But, it may surprise you to know that Bram Stoker never visited Bran Castle or even Romania before writing his 1897 novel.
He did use descriptions of Transylvania, the legends of Strigoi’s, and the bloody stories of Vlad the Impaler to paint a spooky picture for his tale.
The funny thing is, although the medieval prince Vlad Tepes fought battles in Translyvania, there are no records of him visiting Bran Castle at all.
In fact, he wasn’t from Transylvania. His residence was Poenari Castle in Wallachia. But, some say he visited Bran Gorge to fight.
In the novel, Dracula’s Castle is described as “…on the very edge of a terrific precipice…with occasionally a deep rift where there is a chasm and silver threads where the rivers wind in deep gorges through the forests.”.
This is very similar to Bran Castle! But, there are a great many medieval castles in Transylvania that match this description too.
So, I guess we’ll never know if this fortress really was the inspiration for Dracula’s Castle. But, why let the truth get in the way of a good story (and making some serious money)!
Related post – Fang-Tastic Dracula Attractions in Whitby, England!
Queen Marie & Dracula’s Castle today
Another reason why Bran Castle is so famous is due to the fact that Queen Marie of Romania made significant improvements to the castle in the 19th-century and made it a royal residence. She lived here until her death in 1938.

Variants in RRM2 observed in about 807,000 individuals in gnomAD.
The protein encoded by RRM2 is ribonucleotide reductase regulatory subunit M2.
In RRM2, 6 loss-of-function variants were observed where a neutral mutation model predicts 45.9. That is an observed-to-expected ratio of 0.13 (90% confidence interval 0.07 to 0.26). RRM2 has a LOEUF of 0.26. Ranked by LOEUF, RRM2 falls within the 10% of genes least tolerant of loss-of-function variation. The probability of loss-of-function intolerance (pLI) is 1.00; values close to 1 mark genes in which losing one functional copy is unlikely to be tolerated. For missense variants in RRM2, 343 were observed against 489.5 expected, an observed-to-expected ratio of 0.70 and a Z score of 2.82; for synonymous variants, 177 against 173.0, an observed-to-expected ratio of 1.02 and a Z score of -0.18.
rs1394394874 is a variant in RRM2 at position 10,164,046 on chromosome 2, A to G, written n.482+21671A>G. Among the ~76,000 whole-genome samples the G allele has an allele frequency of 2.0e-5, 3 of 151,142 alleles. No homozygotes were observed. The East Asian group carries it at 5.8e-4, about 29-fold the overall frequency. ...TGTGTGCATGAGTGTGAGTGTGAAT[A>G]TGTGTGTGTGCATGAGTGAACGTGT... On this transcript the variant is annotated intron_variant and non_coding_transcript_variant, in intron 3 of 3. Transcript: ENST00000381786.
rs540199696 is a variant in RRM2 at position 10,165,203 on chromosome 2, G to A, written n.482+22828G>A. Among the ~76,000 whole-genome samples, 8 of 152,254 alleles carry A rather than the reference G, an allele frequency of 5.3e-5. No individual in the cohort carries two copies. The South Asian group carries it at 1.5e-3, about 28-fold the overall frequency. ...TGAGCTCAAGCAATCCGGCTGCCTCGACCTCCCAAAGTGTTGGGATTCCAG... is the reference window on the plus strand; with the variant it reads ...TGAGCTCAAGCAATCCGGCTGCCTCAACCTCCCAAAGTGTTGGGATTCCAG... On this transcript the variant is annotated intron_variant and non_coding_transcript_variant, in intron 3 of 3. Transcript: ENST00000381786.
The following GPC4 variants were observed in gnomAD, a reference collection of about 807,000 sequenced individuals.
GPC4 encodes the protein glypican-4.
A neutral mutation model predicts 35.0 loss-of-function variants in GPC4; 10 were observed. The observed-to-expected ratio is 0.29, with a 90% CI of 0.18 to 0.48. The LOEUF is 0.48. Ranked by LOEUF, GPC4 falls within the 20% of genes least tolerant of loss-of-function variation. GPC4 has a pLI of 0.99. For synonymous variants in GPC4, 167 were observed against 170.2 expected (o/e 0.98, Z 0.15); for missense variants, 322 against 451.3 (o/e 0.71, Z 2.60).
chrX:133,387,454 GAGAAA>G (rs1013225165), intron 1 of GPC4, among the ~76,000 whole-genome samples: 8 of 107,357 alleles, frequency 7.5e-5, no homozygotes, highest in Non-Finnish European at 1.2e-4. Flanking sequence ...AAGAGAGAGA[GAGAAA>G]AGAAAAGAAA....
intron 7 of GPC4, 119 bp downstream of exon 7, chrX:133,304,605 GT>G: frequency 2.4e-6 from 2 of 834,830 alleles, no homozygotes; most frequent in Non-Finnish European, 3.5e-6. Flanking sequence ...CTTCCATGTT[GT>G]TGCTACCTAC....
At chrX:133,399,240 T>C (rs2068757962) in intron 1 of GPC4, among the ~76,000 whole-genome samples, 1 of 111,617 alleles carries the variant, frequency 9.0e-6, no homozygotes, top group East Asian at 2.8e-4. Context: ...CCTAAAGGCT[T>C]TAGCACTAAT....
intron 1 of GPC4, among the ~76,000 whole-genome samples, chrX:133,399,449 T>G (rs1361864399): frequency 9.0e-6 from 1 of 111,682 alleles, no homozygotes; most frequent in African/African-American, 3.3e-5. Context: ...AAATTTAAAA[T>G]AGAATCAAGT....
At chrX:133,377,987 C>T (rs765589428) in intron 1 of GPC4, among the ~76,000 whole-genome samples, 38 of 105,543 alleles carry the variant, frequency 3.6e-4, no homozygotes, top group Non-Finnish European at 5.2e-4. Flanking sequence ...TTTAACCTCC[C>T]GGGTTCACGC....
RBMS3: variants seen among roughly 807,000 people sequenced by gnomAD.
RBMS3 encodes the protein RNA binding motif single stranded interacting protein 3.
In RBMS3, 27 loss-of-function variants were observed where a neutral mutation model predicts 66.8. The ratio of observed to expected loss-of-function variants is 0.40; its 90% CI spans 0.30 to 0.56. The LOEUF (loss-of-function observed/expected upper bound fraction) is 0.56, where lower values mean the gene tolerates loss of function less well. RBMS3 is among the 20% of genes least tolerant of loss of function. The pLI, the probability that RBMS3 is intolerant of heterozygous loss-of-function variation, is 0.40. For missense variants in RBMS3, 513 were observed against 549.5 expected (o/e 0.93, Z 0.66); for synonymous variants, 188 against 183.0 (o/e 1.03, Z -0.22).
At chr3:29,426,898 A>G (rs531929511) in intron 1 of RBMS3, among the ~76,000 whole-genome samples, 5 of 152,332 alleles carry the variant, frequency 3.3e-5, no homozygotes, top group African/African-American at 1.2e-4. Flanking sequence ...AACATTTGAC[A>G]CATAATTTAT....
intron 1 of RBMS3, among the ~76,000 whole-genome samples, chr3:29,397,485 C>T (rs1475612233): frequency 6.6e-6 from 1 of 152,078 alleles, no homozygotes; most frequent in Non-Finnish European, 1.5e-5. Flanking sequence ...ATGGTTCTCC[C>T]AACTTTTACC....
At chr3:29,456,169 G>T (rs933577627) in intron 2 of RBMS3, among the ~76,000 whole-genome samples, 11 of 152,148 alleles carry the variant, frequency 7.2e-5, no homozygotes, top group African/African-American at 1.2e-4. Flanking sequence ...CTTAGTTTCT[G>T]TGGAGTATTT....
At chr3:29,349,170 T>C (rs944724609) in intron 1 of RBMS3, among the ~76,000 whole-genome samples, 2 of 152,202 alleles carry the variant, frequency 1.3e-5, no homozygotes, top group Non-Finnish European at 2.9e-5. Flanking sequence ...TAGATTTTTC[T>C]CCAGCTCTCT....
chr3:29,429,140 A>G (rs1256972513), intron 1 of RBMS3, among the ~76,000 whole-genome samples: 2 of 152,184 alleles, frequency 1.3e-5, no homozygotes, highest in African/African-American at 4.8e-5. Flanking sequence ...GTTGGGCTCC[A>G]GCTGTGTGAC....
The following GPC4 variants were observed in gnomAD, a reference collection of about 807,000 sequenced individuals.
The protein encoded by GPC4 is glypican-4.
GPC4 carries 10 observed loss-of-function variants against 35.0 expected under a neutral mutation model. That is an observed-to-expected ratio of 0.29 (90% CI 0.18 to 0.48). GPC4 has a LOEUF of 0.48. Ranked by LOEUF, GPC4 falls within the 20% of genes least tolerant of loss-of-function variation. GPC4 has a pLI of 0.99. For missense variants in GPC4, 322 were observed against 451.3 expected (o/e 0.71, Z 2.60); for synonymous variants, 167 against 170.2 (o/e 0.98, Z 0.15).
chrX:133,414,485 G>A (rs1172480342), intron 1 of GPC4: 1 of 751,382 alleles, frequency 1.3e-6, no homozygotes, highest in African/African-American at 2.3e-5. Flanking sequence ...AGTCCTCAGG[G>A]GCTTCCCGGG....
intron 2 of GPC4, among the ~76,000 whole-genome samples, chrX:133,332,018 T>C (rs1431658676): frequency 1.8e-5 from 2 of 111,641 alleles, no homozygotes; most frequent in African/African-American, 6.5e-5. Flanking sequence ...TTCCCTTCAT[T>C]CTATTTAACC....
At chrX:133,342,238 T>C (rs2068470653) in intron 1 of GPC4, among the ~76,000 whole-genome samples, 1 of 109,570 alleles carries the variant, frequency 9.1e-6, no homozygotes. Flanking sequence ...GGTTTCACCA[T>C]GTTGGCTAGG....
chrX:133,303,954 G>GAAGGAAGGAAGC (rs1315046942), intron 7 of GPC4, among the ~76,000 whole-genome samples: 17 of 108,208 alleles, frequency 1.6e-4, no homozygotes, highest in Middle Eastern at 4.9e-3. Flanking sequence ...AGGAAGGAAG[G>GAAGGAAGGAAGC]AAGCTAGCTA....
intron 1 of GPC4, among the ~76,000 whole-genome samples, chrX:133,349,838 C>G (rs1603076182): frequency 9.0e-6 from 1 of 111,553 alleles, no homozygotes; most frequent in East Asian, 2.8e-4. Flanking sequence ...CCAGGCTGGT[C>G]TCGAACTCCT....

Her daughter, Princess Ileana, took up residence here afterward and established a hospital at Castle Bran during World War II.
After the Russians took over Romania, the country fell to the Red Army and converted to Communism. Once Michael I of Romania abdicated the throne, Princess Ileana and the Romanian royal family were exiled from the country in 1948. Bran Castle then became a museum.
Princess Illeana only returned to Romania in 1990. The family finally was able to take back their legacy in 2005. In 2009, the castle is now owned by Archduke Dominic of Austria-Tuscany.
Today, Bran Castle sees almost a million visitors every year who want to see the home of Count Dracula for themselves.
How to visit Dracula’s Castle in Romania
So, if you wanted to see the home of Count Dracula for yourself, you must make a stop at Bran Castle in Transylvania. As one of the most popular castles in the country, it’s very easy to do.
There are many ways that you can visit Bran Castle in Romania. It all depends on how much time you have and where you choose to stay during your visit!
The most popular options are visiting Bran from Brasov or the capital city of Bucharest:
Bran Castle from Brasov
Most travellers who visit Transylvania base themselves in Brasov to visit Bran Castle.